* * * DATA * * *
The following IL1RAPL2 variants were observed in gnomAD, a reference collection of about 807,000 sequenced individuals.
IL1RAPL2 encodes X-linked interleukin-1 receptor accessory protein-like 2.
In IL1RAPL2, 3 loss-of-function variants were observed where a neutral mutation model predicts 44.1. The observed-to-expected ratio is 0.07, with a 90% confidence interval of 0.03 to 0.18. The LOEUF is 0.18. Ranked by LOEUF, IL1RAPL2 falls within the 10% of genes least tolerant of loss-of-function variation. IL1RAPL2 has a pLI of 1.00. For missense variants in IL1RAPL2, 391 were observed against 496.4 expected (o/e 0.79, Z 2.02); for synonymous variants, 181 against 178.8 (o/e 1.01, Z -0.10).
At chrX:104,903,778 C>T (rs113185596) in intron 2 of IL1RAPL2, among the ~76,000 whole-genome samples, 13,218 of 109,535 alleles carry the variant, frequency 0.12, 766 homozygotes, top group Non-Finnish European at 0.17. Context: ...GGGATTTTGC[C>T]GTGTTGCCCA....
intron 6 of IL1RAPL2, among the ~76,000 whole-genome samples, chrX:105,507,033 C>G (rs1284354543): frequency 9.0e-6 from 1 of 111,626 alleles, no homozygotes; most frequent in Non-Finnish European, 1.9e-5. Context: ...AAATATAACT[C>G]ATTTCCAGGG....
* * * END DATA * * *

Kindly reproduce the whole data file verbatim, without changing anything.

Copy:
The following IL1RAPL2 variants were observed in gnomAD, a reference collection of about 807,000 sequenced individuals.
IL1RAPL2 encodes X-linked interleukin-1 receptor accessory protein-like 2.
In IL1RAPL2, 3 loss-of-function variants were observed where a neutral mutation model predicts 44.1. The observed-to-expected ratio is 0.07, with a 90% confidence interval of 0.03 to 0.18. The LOEUF is 0.18. Ranked by LOEUF, IL1RAPL2 falls within the 10% of genes least tolerant of loss-of-function variation. IL1RAPL2 has a pLI of 1.00. For missense variants in IL1RAPL2, 391 were observed against 496.4 expected (o/e 0.79, Z 2.02); for synonymous variants, 181 against 178.8 (o/e 1.01, Z -0.10).
At chrX:104,903,778 C>T (rs113185596) in intron 2 of IL1RAPL2, among the ~76,000 whole-genome samples, 13,218 of 109,535 alleles carry the variant, frequency 0.12, 766 homozygotes, top group Non-Finnish European at 0.17. Context: ...GGGATTTTGC[C>T]GTGTTGCCCA....
intron 6 of IL1RAPL2, among the ~76,000 whole-genome samples, chrX:105,507,033 C>G (rs1284354543): frequency 9.0e-6 from 1 of 111,626 alleles, no homozygotes; most frequent in Non-Finnish European, 1.9e-5. Context: ...AAATATAACT[C>G]ATTTCCAGGG....